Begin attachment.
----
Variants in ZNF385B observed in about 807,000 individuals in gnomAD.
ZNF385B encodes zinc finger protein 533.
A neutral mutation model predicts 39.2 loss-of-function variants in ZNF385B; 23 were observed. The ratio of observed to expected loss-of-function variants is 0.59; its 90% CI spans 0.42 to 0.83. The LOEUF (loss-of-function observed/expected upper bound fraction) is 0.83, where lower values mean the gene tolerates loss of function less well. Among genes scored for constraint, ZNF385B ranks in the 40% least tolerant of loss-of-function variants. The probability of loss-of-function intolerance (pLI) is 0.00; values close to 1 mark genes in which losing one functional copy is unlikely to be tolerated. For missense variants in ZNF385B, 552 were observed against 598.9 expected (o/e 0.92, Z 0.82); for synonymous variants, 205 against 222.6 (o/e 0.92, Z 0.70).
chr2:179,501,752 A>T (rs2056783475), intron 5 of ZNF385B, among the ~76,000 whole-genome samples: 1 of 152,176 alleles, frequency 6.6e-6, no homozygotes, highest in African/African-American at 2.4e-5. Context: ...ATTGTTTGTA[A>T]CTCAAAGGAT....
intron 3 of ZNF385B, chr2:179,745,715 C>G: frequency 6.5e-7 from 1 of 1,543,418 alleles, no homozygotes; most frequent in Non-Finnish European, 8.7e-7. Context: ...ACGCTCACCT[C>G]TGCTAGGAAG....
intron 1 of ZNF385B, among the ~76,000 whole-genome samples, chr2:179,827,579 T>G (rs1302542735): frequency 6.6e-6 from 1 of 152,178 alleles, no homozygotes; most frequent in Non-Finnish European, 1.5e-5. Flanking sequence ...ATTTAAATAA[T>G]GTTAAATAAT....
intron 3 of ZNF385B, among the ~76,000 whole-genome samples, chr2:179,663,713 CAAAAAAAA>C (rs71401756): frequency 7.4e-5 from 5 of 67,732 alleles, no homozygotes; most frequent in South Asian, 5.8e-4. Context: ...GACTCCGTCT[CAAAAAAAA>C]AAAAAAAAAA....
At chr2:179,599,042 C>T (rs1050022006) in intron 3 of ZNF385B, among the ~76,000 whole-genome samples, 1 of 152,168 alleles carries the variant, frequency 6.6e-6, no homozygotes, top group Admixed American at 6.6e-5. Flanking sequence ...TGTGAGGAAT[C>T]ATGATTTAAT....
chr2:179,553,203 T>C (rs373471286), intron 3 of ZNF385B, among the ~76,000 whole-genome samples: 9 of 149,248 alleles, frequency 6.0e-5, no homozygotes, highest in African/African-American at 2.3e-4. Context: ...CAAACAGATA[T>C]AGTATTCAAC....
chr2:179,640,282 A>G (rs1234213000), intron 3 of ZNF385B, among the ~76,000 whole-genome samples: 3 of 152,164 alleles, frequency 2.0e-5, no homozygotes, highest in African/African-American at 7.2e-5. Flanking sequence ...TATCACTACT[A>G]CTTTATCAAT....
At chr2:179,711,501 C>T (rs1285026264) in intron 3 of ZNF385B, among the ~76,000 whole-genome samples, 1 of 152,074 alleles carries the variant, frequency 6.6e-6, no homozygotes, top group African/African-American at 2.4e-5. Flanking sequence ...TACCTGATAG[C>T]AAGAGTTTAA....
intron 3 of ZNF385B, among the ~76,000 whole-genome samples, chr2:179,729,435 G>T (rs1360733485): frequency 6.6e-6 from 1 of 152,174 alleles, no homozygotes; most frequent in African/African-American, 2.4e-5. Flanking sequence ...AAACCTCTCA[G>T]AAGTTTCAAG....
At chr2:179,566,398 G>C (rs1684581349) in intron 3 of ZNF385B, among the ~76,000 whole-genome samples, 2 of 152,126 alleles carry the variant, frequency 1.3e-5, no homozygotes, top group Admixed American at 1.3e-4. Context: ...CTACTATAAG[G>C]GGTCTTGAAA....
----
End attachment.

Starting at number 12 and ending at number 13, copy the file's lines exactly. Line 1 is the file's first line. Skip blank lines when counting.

intron 3 of ZNF385B, among the ~76,000 whole-genome samples, chr2:179,729,435 G>T (rs1360733485): frequency 6.6e-6 from 1 of 152,174 alleles, no homozygotes; most frequent in African/African-American, 2.4e-5. Flanking sequence ...AAACCTCTCA[G>T]AAGTTTCAAG....
At chr2:179,566,398 G>C (rs1684581349) in intron 3 of ZNF385B, among the ~76,000 whole-genome samples, 2 of 152,126 alleles carry the variant, frequency 1.3e-5, no homozygotes, top group Admixed American at 1.3e-4. Context: ...CTACTATAAG[G>C]GGTCTTGAAA....